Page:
As part of their yearly public outreach plan, rural and municipal police services across Canada are raising awareness about the hazards of road travel.

“It’s kind of staggering how many fatalities we see every year, but not as staggering as I’d expect,” said Constable Larry Boggs, O.P.P. “I know we’re more capable than the reports indicate. If we’re going to beat these numbers, we really need Canadians nationwide to decide to work harder. I mean, really focus.”

“Rain or snow, the numbers are poor.” added Winnipeg Police Services Sgt. Dean Burke. “In 1990, there were about 4,000 fatalities each year in Canada. We’re seeing only about 2,100 a year now. With an increasing population, I’d expect 50 percent more, not less. I’m disappointed. It’s just unacceptable.”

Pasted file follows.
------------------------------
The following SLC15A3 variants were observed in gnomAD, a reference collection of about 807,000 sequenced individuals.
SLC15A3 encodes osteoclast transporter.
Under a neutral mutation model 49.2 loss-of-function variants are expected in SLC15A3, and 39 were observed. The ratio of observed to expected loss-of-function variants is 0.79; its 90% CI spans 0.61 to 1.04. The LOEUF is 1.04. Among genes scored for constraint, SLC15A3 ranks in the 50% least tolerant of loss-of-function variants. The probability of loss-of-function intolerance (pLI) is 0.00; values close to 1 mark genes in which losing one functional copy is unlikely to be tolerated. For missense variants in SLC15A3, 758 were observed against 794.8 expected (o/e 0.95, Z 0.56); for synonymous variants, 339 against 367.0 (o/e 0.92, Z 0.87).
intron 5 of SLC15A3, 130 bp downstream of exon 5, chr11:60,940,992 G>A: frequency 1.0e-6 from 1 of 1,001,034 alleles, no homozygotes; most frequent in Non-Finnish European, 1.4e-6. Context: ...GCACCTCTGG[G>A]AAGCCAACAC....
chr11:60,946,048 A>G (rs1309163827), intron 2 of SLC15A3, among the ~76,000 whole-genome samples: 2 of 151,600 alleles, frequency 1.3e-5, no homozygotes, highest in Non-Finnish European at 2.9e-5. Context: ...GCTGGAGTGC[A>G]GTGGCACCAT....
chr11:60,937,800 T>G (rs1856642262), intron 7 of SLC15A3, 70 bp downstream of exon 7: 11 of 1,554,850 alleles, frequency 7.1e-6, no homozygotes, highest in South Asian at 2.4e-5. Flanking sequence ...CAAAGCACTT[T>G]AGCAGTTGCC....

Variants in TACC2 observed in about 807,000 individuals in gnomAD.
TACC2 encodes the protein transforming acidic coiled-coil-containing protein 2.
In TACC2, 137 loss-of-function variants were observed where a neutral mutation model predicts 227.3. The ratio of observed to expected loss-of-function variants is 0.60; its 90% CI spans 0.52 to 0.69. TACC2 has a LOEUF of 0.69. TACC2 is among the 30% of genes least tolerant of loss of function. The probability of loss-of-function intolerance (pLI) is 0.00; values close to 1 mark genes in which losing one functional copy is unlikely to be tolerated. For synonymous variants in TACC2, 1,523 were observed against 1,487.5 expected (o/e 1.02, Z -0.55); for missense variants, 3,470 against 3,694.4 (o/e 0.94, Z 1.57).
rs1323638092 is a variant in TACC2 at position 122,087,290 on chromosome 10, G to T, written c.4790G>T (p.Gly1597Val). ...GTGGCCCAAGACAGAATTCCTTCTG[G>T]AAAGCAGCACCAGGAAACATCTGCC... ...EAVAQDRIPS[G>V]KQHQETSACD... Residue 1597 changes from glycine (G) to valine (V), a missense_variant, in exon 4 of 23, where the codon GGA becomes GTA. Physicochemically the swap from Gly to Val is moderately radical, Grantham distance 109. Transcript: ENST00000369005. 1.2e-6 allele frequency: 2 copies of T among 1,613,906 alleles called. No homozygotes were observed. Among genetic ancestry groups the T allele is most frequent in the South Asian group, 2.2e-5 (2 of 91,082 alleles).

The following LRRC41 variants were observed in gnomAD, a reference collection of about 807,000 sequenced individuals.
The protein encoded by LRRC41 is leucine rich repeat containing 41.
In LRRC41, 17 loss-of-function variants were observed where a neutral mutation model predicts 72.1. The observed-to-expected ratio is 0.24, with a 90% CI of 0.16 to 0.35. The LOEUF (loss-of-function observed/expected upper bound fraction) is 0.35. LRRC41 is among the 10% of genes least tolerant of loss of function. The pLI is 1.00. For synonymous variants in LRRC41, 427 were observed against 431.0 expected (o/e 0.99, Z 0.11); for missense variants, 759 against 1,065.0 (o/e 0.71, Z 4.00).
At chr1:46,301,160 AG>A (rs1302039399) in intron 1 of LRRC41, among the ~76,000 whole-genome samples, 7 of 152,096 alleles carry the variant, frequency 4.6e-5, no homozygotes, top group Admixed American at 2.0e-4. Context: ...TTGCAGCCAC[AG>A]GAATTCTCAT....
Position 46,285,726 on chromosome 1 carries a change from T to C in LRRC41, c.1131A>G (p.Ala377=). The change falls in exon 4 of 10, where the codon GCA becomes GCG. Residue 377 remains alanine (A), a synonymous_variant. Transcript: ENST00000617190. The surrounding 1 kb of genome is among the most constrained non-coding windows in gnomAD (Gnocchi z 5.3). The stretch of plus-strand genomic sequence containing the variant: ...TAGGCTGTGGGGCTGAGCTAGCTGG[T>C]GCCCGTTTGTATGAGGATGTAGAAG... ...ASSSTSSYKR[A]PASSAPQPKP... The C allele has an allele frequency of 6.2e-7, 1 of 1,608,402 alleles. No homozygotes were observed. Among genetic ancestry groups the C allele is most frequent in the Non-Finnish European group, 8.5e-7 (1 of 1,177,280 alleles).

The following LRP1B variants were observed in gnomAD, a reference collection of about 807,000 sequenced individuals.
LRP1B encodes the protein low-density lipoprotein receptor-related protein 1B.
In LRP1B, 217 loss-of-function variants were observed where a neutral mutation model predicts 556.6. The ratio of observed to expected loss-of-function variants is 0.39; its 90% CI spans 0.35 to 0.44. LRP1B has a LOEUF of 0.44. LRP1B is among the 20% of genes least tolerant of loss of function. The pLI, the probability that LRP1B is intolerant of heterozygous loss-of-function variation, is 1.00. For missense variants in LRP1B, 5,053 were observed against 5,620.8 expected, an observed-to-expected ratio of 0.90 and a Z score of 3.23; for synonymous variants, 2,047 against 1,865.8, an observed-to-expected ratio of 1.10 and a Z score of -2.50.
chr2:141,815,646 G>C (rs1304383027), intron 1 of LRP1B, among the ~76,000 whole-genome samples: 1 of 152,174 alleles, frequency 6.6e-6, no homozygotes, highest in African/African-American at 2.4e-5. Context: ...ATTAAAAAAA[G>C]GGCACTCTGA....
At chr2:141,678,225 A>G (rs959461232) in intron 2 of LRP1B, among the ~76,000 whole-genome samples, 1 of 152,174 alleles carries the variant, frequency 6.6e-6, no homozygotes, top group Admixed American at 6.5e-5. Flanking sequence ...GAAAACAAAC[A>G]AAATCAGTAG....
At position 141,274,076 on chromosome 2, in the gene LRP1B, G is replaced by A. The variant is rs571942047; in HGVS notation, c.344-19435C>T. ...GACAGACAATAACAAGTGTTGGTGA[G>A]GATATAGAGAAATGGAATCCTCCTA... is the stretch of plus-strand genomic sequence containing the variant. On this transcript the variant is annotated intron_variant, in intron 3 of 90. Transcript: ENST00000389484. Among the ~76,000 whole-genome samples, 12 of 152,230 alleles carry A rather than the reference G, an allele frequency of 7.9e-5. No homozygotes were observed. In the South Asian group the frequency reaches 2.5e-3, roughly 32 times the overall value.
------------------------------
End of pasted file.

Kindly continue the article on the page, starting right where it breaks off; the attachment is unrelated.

“People are drinking less but texting more, so I haven’t observed much change overall… and there’s the danger, I think,” said Officer Paul Brandt of the Vancouver Police Department. “We’re complacent about accidents, in my opinion. Stuck in a mediocrity loop; we have to ask ourselves: are we satisfied with these statistics? Is this really the best we can do? If we have any national pride, this would be a prime example of a situation where it would be good to look down at our neighbours to the south and say: ‘Are those their numbers? Sure, we can outdo them.’ We’ve got more than enough liquour, limited attention span and questionable judgement on this side of the border.”

By Sebastian Panache

Editor-in-Chief. Follow him on Twitter @SebPanache. Or don’t. It’s okay, really.

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